“Let’s start labeling jars, not human beings, because we all are equal.” That statement, delivered by Kurt Rutzen in a speech at the first annual conference of The Arc Montana, sums up the theme of the two-day event at the Hilton Garden Inn in Billings. Rutzen, a disability rights advocate and member of the national Arc board of directors, told the gathering about his own life’s challenges and how — and why — he speaks up for people with disabilities.
Though he has cerebral palsy and has had to overcome obstacles, Rutzen said he is a rich man, thanks to the support of family and friends. That message reprised a speech he made before the Minnesota Legislature in 2011, which was replayed via You Tube for the Billings audience.
Besides Rutzen, speakers included self-advocate Isaac Baldry of Miles City; Dee Dee Eberle, director of chapter organizing and advocacy for The Arc; and Dr. Tessie Rose Bailey, a professor of special education at MSU-Billings.
Using slides, an iPad and software that augments communication for people who have difficulty speaking or cannot speak at all, Baldry described how he has faced challenges and answered naysayers throughout his life. Today, the 2010 graduate of Custer County High, is a self-employed public speaker, focusing on technology and issues affecting youth.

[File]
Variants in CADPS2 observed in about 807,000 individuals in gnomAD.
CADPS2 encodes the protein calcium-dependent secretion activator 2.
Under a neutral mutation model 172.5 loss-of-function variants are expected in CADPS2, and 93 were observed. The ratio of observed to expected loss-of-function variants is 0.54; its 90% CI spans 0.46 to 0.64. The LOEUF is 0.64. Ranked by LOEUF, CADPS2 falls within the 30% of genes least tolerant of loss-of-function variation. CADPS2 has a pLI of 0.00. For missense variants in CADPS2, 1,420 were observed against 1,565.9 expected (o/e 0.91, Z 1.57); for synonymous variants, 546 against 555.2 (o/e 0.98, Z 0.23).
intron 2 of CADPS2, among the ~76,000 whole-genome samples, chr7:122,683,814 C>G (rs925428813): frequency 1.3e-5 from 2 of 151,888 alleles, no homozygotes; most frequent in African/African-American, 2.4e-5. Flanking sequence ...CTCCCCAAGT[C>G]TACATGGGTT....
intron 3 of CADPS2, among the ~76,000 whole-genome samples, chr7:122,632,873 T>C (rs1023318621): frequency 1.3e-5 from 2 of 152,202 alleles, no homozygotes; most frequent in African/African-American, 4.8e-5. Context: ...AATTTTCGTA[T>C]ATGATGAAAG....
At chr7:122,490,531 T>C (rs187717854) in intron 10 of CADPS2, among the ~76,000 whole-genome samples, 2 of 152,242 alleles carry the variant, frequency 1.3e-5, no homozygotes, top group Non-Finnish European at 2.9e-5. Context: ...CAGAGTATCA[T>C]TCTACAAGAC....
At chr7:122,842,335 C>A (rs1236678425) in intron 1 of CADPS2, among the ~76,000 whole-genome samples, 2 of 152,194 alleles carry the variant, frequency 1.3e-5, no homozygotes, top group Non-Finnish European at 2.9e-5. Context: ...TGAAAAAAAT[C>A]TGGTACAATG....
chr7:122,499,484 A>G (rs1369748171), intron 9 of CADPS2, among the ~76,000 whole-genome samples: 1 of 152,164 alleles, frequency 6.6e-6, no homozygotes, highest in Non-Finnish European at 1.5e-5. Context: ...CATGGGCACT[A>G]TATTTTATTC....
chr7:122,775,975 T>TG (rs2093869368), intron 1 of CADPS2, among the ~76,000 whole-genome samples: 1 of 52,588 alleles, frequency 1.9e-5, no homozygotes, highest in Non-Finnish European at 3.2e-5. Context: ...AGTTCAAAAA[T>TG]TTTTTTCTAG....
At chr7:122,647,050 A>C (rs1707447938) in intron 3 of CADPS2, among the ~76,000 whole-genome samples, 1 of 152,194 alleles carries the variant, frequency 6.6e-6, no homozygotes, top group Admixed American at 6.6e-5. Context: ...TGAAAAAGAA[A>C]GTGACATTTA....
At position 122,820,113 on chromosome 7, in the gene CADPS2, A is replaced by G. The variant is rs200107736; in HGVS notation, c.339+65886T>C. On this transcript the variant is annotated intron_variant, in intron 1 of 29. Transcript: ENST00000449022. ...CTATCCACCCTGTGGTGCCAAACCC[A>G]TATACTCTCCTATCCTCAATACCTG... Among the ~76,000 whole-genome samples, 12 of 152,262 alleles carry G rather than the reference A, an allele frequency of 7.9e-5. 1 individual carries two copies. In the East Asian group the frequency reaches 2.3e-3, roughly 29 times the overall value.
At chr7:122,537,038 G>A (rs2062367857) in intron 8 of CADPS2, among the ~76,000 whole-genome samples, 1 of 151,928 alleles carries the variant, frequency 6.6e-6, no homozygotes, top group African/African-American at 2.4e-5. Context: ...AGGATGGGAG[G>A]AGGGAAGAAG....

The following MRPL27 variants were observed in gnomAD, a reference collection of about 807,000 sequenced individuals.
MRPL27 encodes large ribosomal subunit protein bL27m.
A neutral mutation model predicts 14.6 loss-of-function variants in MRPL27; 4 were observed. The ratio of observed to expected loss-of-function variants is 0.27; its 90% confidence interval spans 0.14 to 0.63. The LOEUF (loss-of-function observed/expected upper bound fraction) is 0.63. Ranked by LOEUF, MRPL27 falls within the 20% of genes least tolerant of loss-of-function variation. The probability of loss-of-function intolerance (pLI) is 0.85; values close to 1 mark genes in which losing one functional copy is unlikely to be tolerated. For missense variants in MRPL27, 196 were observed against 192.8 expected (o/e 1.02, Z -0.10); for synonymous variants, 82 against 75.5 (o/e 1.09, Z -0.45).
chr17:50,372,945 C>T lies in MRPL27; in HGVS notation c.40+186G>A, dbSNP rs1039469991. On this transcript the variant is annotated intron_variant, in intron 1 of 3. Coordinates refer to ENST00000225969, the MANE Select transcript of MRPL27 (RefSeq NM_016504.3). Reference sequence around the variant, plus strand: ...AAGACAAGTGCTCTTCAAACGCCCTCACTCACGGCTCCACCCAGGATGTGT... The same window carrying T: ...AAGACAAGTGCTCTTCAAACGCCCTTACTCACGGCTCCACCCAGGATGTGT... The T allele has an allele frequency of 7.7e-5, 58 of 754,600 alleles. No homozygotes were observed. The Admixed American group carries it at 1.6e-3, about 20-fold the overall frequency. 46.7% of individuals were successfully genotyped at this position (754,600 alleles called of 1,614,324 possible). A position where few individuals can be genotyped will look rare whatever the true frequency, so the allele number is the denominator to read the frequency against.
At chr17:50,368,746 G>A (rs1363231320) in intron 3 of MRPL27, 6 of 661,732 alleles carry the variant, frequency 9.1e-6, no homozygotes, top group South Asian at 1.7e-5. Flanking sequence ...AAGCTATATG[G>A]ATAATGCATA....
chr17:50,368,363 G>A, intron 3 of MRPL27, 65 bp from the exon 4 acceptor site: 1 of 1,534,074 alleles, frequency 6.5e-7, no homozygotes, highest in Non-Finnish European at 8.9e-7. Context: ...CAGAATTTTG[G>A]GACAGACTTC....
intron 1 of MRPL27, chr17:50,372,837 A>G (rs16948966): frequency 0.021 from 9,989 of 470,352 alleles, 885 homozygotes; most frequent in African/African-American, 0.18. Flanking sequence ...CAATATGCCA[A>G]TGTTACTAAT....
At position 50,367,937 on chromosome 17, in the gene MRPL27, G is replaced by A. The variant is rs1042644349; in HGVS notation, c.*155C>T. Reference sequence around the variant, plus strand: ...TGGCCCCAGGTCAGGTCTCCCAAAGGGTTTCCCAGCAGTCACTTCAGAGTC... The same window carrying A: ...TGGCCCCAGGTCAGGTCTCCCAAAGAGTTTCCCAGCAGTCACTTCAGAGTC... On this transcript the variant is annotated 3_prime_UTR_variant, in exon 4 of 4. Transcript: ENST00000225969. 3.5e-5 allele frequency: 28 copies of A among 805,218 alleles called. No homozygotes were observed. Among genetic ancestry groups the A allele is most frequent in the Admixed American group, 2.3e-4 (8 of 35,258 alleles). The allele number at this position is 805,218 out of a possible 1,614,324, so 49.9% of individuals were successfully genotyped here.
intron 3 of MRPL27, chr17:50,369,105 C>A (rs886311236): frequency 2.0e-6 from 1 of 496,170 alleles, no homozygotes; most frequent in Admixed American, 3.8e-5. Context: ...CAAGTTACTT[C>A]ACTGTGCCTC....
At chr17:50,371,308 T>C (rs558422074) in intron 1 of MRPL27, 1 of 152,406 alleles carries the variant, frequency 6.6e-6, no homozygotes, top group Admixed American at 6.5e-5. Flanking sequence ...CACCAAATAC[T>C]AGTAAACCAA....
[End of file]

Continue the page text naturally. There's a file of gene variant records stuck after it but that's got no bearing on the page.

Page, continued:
According to Mary Caferro, coordinator of the fledgling chapter of The Arc in Montana, the conference accomplished all of the goals she and other organizers set for themselves. One goal was to provide meaningful information to people who have an intellectual or developmental disability, their family members and their supporters, Caferro said.
Another goal, she said, was to provide a platform to launch new efforts on issues affecting people with intellectual and developmental disabilities. And a third goal was to let participants network with one another.
“It accomplished those goals, in my mind,” Caferro said. “And, according to the feedback I’ve received, it accomplished those goals for the people who attended. It was a fabulous conference.”
Underlying all those goals, the conference presented an opportunity to launch The Arc Montana and assess support for having a chapter here.